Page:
What does not work very well is trying to time different styles to chase “what’s working” at a given point in time. This is the equivalent of trying to rebuild your golf swing from scratch after every round where you score poorly. Both are a recipe for poor future performance.
Bring Yourself Back To Neutral
It is fun to take a pitching wedge from 90 yards out and land a perfect strike six feet from the pin. When you hit a shot like that, you literally get high. But when you chunk a five iron thirty-five yards from a perfect lie in the middle of the fairway, you crash.
Experiencing wild emotional swings is not a recipe for consistent golf.
Likewise in investing, you get high when a stock doubles in three months. You crash when a name halves on some seemingly random exogenous event.
How many times have you hit your tee shot into the trees and then, in a fit of anger, tried to do too much with your second shot and ended up making a triple bogey? The disappointment with the drive leads you to attempt to erase the poor shot with one swing. And we all know how that works out. More often than not, a gamble is greeted with a ball clunking off a tree or remaining in the rough.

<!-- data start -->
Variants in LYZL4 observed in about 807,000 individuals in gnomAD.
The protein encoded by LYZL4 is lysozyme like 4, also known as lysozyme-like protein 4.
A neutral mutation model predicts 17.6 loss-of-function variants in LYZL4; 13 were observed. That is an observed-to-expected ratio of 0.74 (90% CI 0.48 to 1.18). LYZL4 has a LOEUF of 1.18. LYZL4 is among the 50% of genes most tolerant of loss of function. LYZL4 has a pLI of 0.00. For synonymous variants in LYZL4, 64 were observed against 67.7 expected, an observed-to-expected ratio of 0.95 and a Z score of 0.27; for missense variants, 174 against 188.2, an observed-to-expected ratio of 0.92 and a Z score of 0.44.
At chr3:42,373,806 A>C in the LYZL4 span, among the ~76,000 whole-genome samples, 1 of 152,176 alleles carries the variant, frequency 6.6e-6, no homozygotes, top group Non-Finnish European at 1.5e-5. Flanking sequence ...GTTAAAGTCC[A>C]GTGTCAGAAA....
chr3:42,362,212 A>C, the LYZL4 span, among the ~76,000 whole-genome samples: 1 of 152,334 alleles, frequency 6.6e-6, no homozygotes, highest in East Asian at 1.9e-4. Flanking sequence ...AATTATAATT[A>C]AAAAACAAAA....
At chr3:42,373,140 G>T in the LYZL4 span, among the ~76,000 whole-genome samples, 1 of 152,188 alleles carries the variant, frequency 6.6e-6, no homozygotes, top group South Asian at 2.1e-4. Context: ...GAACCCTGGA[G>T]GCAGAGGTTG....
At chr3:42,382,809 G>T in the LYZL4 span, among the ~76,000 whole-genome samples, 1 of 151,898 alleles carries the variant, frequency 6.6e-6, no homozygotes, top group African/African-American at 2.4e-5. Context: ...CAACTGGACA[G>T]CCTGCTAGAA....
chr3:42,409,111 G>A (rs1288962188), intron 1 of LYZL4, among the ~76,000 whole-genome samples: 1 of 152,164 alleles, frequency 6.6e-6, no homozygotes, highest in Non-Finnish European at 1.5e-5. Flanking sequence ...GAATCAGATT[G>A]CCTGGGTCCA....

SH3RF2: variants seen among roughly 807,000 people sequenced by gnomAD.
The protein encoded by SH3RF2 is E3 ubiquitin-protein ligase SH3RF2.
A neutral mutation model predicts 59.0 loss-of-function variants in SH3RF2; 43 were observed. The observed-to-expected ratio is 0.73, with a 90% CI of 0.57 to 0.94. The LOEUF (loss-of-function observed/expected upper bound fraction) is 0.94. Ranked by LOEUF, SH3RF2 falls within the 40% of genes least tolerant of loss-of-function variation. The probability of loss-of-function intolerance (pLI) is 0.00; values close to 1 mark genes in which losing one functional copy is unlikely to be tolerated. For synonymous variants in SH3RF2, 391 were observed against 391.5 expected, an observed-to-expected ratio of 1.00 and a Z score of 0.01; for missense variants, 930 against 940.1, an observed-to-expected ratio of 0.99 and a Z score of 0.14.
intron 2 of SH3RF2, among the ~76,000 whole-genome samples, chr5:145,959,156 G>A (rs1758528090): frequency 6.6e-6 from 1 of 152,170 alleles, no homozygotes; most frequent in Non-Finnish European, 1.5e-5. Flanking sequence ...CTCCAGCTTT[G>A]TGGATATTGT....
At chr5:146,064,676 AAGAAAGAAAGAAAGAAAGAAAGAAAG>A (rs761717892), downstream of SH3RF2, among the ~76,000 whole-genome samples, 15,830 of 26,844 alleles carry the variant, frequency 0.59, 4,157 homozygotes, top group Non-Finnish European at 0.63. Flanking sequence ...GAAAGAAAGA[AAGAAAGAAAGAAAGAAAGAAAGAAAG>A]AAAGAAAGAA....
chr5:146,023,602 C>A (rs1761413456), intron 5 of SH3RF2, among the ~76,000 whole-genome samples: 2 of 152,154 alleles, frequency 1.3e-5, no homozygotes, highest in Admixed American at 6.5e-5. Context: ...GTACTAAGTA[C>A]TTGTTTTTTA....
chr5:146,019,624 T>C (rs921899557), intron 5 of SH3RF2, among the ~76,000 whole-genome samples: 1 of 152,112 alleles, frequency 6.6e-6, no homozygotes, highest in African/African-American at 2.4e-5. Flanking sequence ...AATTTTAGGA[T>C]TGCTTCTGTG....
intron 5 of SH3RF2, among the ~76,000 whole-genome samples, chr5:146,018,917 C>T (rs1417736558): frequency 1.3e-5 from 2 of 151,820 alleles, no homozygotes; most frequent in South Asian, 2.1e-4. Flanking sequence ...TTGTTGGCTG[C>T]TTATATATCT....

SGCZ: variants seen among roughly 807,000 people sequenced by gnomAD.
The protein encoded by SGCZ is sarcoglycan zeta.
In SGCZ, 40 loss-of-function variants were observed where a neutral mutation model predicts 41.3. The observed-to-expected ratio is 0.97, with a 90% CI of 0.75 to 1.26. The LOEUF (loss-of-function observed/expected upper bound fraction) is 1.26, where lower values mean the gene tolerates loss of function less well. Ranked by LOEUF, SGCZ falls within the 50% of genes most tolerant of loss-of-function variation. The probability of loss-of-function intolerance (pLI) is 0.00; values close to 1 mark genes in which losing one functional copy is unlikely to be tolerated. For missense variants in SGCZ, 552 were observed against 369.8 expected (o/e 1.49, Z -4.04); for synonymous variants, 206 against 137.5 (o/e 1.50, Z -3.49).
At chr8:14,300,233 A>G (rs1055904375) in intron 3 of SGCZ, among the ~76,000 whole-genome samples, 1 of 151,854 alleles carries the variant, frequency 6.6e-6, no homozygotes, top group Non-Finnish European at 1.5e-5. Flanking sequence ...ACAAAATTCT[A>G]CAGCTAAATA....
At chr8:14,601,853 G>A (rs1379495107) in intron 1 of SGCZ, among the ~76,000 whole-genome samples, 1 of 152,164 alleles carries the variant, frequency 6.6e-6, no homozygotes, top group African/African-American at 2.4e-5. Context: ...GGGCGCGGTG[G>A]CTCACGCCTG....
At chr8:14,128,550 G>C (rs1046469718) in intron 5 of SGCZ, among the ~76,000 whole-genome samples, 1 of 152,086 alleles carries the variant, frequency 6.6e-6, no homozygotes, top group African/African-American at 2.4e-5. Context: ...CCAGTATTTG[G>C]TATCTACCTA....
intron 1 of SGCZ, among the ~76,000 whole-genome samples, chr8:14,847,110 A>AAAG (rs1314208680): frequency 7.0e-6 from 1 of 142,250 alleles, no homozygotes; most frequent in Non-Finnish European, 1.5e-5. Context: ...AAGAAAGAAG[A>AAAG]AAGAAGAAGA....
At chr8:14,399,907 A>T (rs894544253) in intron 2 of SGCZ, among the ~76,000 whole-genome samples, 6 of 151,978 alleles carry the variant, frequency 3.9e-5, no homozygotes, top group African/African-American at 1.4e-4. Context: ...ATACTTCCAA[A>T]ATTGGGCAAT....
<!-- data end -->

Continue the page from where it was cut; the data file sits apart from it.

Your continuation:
The frustrating thing is that on many of those occasions, when you looked back at the round you wondered why you didn’t just pitch back to the fairway and settle for a bogey–or maybe a one-putt par. Anger opens the door to a variety of mistakes: bad decisions, hesitant swings, rushed tempo, and even not seeing the line to the target clearly.
Consistent performance starts internally, with how you regulate your emotions. The goal isn’t to become a robot impervious to emotion. I don’t think such a thing is possible. And even if it is, it’s certainly not healthy. The goal is that whether you hit a good shot or a bad shot (whether an investment is a winner or a loser) you are able to bring yourself back to a neutral state of focus, where your attention is on executing the shot in front of you.
Focus On Process, Not Outcome